MLB player Andrew Albers could be headed to South Korea

After an impressive Major League Baseball debut with the Minnesota Twins, Andrew Albers might be heading to Asia.

North Battleford pitcher wooed by Hanwha Eagles

Andrew Albers may be headed to South Korea this year. (CBC)

After an impressive Major League Baseball debut with the Minnesota Twins, Andrew Albers might be heading to Asia.

Albers' agent confirms the North Battleford player has been approached to play with the Hanwha Eagles in the Korea Baseball Organization for a year.

Last year, Albers wowed the Twins in his debut game, making national news when he pitched eight and 1/3 scoreless innings. The next game, he pitched a complete shutout.

Albers said he's excited by the prospect of playing in Korea.

"It'd be a really neat experience," he said. "It would probably be something that would be a lot of fun, to try and go and play baseball on a completely different continent."

Albers' agent Blake Corosky says there are a number of reasons why Korea is a good fit.

"We're talking about a young man who's never earned more than $25,000 in any league playing professional baseball until last year," he said. "So, the monetary side is something to consider for sure."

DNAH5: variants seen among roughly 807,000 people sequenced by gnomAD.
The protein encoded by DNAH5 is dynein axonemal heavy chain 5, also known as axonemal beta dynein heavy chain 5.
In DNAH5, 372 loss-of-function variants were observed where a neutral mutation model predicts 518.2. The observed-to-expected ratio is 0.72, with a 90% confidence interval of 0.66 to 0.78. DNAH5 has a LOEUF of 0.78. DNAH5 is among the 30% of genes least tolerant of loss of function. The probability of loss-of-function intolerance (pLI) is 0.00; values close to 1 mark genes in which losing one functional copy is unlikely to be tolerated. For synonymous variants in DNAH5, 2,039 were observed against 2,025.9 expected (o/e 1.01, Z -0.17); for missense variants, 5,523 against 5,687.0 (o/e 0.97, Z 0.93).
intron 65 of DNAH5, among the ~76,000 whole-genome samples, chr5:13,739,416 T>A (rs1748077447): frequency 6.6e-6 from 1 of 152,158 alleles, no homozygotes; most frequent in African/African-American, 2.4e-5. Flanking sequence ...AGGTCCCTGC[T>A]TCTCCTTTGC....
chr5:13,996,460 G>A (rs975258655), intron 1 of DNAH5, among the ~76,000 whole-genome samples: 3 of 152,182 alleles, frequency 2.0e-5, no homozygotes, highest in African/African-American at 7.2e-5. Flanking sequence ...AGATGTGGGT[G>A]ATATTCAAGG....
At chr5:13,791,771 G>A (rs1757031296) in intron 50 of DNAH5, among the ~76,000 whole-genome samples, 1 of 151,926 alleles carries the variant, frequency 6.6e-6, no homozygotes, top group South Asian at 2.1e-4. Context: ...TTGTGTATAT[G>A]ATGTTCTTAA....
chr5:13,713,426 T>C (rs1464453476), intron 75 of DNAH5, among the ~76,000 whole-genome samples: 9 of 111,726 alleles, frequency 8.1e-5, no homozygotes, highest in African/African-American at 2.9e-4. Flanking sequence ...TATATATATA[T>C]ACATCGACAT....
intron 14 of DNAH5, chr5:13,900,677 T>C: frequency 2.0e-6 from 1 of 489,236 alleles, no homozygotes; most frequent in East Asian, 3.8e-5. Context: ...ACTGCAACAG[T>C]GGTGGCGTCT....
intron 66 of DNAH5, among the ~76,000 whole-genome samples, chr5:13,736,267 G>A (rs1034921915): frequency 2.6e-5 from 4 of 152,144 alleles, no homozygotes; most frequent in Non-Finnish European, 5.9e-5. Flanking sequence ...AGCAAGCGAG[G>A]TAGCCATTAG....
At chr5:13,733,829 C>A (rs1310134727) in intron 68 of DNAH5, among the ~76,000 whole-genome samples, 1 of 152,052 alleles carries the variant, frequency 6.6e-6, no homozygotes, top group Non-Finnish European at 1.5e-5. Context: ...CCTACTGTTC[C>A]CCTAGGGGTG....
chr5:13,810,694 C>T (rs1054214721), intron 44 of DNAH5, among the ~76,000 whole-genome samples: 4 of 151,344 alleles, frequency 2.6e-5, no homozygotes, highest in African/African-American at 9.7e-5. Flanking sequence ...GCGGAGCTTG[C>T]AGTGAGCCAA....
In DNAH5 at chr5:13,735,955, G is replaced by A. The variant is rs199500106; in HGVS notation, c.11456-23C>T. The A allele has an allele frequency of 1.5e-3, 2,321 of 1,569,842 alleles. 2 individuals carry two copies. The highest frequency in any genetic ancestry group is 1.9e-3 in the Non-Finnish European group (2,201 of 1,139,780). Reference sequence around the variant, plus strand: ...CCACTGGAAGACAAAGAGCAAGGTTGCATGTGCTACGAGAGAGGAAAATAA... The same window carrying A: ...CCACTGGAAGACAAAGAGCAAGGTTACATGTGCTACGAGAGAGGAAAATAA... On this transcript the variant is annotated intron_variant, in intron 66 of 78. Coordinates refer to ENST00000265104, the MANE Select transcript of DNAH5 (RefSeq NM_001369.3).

Corosky says the move would also make Albers a free agent, something that wouldn't happen with the Twins until 2019.

On the flipside, he says his client has a lot to offer the South Korean team.

"Andrew's a little bit older of a young man, has sort of been though some adversity already," he said. "And there's no real worry, as far as they're concerned, about going over there and competing almost immediately."

It's not a done deal just yet. The Eagles still need to come to an agreement to buy out his contract with the Twins. However, Corosky says it's looking positive.

"Andrew has basically said he's willing to go, it does make sense, and the Twins have been absolutely tremendous with us as far as understanding why we may consider something like this," he said.

As far as playing in Korea, Albers imagines the fundamentals of the game are still the same.

"I'm sure the bases are 90-feet apart, and the mound's still 60-feet, six inches," he said. "Those are the important things, and in that regard, baseball doesn't change too much."

Albers is heading to Minneapolis to accept a Minor League Pitcher of the Year Award. He'll also be attending Twins Fest, a chance for Minnesota fans to meet players.


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